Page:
Outsourcing Chief Investment Officer Services: A Guide to Best Practices

The Institutional Shift to OCIOs

Not so long ago, it was the norm for boards of mid-sized institutions such as foundations/endowments and non-profit health care and religious organizations to have in-house investment management including staff, possibly a chief investment officer (CIO), and a board committee in conjunction with a non-discretionary consultant run their investment programs.

Today, outsourced CIOs (OCIOs) have become common at such organizations. Joining the national trend toward business outsourcing in general, particularly among organizations not large enough to have sufficient economy of scale to justify the costs of running an in-house asset-management operation, these institutions have been increasingly delegating investment operations by contracting with asset management firms offering OCIO services. The impetus for this trend began with the financial crisis of 2008-09, which revealed a lack of resilience in institutional portfolios, bringing new scrutiny to the costs and performance of in-house CIOs and non-discretionary consultants. That, coupled with the increasingly complex fiduciary obligations of boards, has prompted many small to midsize organizations to hire, or at least consider, an OCIO.

In the years since the crisis, it has become increasingly clear to many boards and their investment committees that they have been paying top dollar for inferior or, at best, index-matching performance. Some in-house CIOs have suffered from group-think and have lacked the flexibility needed to address the rapidly changing investment landscape, and the costs of maintaining an in-house finance office have lowered net returns.

The institutional financial industry’s move to OCIOs is accelerating. Assets managed by OCIOs increased by approximately 29% per year for the 2007-2016 timeframe. As of November 2016, OCIOs managed some $1.4 trillion, and that figure grows by the day.

The challenge of selecting the right OCIO contractor is becoming more labor intensive because of the explosive growth in the number of firms offering these services. A leading executive recruiter estimates that 74 firms were competing in this space in late-2016, up from a handful several years earlier. Some of these new suitors are highly qualified, skilled firms or individuals who bring strong track records to the job to deliver optimal results. Unfortunately, many of those offering OCIO services are unqualified or underqualified, and may have conflicts of interest that make them unsuitable to serve a particular institution, if any.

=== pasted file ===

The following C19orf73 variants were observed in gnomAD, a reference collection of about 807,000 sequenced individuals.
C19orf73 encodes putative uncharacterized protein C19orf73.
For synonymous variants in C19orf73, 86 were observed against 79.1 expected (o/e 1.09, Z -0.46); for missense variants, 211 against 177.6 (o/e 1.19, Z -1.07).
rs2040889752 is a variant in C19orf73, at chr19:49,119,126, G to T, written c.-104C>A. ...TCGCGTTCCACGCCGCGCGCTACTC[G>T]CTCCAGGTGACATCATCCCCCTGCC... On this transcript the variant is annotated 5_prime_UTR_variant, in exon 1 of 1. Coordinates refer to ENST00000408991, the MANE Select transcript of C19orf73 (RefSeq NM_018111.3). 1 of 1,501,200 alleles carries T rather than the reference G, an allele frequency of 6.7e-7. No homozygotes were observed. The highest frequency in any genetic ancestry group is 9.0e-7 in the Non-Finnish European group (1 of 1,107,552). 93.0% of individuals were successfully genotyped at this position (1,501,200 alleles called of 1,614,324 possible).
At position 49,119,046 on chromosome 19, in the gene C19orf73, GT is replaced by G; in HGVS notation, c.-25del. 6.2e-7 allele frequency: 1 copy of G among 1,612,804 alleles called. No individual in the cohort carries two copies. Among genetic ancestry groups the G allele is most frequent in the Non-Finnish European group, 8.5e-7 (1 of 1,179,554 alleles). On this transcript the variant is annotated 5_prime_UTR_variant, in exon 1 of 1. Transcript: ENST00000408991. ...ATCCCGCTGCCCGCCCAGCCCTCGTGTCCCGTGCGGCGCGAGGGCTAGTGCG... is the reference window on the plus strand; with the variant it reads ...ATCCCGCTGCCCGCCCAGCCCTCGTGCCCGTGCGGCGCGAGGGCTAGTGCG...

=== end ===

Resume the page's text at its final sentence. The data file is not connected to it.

The gold rush to offer OCIO services has encouraged the entry into the field of asset managers and advisors of various stripes with disparate backgrounds that are, in some cases, incongruous with the demands of OCIO duties. These firms — some of them qualified and suitable for the OCIO mission, some not — run the gamut of the financial services industry, from large wirehouses, index-maintenance firms and multi-office national consultancies (some of which historically have not been known for asset management rigors) to various RIAs and one-person shops made up of CIOs displaced by this very trend.

As in any competitive specialty in the financial service industry, much of the intense marketing of OCIO services in recent years has involved selling a concept buttressed by claims of differentiation that carry varying degrees of accuracy. Yet as fiduciaries, boards must take care to verify the reality of what they are buying —knowing what questions to ask and what information to demand regarding best-practices adherence and performance data. To do this, they need to become familiar with the marketing-versusreality practices in this emerging sector.

This can be a Herculean challenge for board members and staff already heavily burdened by the operational and policy duties of running their organizations. Moreover, even for those who can find the time, the universe of OCIO providers is so large, varied and expanding that the task becomes all the more daunting.

To make such engagements meaningful and productive, institutional boards must recognize the imperative for oversight of future or existing OCIOs. Typically, institutions are far more focused on simplifying the investment process than on finding a proper steward to oversee their total investment management program.

Many boards need consultants who can act as a trusted advisor in their search for an OCIO, and, on an ongoing basis, to represent their interests in all facets of investment management execution, including negotiating fees and acting steadfastly as their voice at the table in all aspects involving service providers.

Potential Benefits of Outsourcing

Bringing on an OCIO can carry myriad benefits for boards. This move can mean a shift to improved and more varied investment management expertise, bringing significant increases in short- and long-term net returns to fund programs and liabilities while fortifying risk management. By hiring the right OCIO and providing the right kind of oversight, boards can derive these benefits to reach their investment goals while reducing fees and expenses.